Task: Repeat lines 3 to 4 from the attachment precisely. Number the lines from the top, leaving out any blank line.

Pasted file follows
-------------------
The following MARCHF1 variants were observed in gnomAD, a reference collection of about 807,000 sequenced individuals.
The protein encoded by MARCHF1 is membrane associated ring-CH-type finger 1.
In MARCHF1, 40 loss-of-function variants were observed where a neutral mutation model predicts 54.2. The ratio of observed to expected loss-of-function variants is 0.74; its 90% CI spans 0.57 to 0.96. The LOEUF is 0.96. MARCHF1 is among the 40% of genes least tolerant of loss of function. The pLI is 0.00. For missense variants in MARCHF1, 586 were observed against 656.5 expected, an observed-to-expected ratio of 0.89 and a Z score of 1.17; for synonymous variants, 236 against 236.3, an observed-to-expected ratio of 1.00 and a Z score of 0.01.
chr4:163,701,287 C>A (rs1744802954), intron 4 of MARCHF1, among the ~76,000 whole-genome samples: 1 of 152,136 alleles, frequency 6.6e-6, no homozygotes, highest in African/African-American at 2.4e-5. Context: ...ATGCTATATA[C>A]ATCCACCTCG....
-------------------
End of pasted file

In MARCHF1, 40 loss-of-function variants were observed where a neutral mutation model predicts 54.2. The ratio of observed to expected loss-of-function variants is 0.74; its 90% CI spans 0.57 to 0.96. The LOEUF is 0.96. MARCHF1 is among the 40% of genes least tolerant of loss of function. The pLI is 0.00. For missense variants in MARCHF1, 586 were observed against 656.5 expected, an observed-to-expected ratio of 0.89 and a Z score of 1.17; for synonymous variants, 236 against 236.3, an observed-to-expected ratio of 1.00 and a Z score of 0.01.
chr4:163,701,287 C>A (rs1744802954), intron 4 of MARCHF1, among the ~76,000 whole-genome samples: 1 of 152,136 alleles, frequency 6.6e-6, no homozygotes, highest in African/African-American at 2.4e-5. Context: ...ATGCTATATA[C>A]ATCCACCTCG....